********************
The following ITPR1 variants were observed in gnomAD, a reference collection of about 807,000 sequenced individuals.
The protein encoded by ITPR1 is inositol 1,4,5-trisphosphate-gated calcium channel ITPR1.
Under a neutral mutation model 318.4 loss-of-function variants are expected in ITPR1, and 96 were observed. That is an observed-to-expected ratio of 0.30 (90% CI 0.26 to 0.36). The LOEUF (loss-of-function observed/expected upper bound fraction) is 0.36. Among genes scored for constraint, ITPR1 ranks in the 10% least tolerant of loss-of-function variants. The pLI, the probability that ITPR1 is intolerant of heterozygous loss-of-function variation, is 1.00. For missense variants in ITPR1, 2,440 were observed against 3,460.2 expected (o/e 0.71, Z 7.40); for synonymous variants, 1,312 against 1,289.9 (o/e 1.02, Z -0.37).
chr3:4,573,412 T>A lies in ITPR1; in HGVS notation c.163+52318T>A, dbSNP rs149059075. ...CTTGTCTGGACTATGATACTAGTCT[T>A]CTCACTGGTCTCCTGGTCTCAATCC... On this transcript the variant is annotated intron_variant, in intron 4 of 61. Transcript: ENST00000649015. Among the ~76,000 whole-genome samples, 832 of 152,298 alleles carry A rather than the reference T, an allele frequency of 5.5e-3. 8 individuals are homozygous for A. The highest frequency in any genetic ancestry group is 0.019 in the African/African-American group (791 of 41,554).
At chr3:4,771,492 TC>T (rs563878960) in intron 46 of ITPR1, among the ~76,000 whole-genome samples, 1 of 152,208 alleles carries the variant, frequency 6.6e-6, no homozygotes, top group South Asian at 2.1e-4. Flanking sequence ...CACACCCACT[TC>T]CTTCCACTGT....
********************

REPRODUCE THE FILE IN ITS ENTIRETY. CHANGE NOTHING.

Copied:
The following ITPR1 variants were observed in gnomAD, a reference collection of about 807,000 sequenced individuals.
The protein encoded by ITPR1 is inositol 1,4,5-trisphosphate-gated calcium channel ITPR1.
Under a neutral mutation model 318.4 loss-of-function variants are expected in ITPR1, and 96 were observed. That is an observed-to-expected ratio of 0.30 (90% CI 0.26 to 0.36). The LOEUF (loss-of-function observed/expected upper bound fraction) is 0.36. Among genes scored for constraint, ITPR1 ranks in the 10% least tolerant of loss-of-function variants. The pLI, the probability that ITPR1 is intolerant of heterozygous loss-of-function variation, is 1.00. For missense variants in ITPR1, 2,440 were observed against 3,460.2 expected (o/e 0.71, Z 7.40); for synonymous variants, 1,312 against 1,289.9 (o/e 1.02, Z -0.37).
chr3:4,573,412 T>A lies in ITPR1; in HGVS notation c.163+52318T>A, dbSNP rs149059075. ...CTTGTCTGGACTATGATACTAGTCT[T>A]CTCACTGGTCTCCTGGTCTCAATCC... On this transcript the variant is annotated intron_variant, in intron 4 of 61. Transcript: ENST00000649015. Among the ~76,000 whole-genome samples, 832 of 152,298 alleles carry A rather than the reference T, an allele frequency of 5.5e-3. 8 individuals are homozygous for A. The highest frequency in any genetic ancestry group is 0.019 in the African/African-American group (791 of 41,554).
At chr3:4,771,492 TC>T (rs563878960) in intron 46 of ITPR1, among the ~76,000 whole-genome samples, 1 of 152,208 alleles carries the variant, frequency 6.6e-6, no homozygotes, top group South Asian at 2.1e-4. Flanking sequence ...CACACCCACT[TC>T]CTTCCACTGT....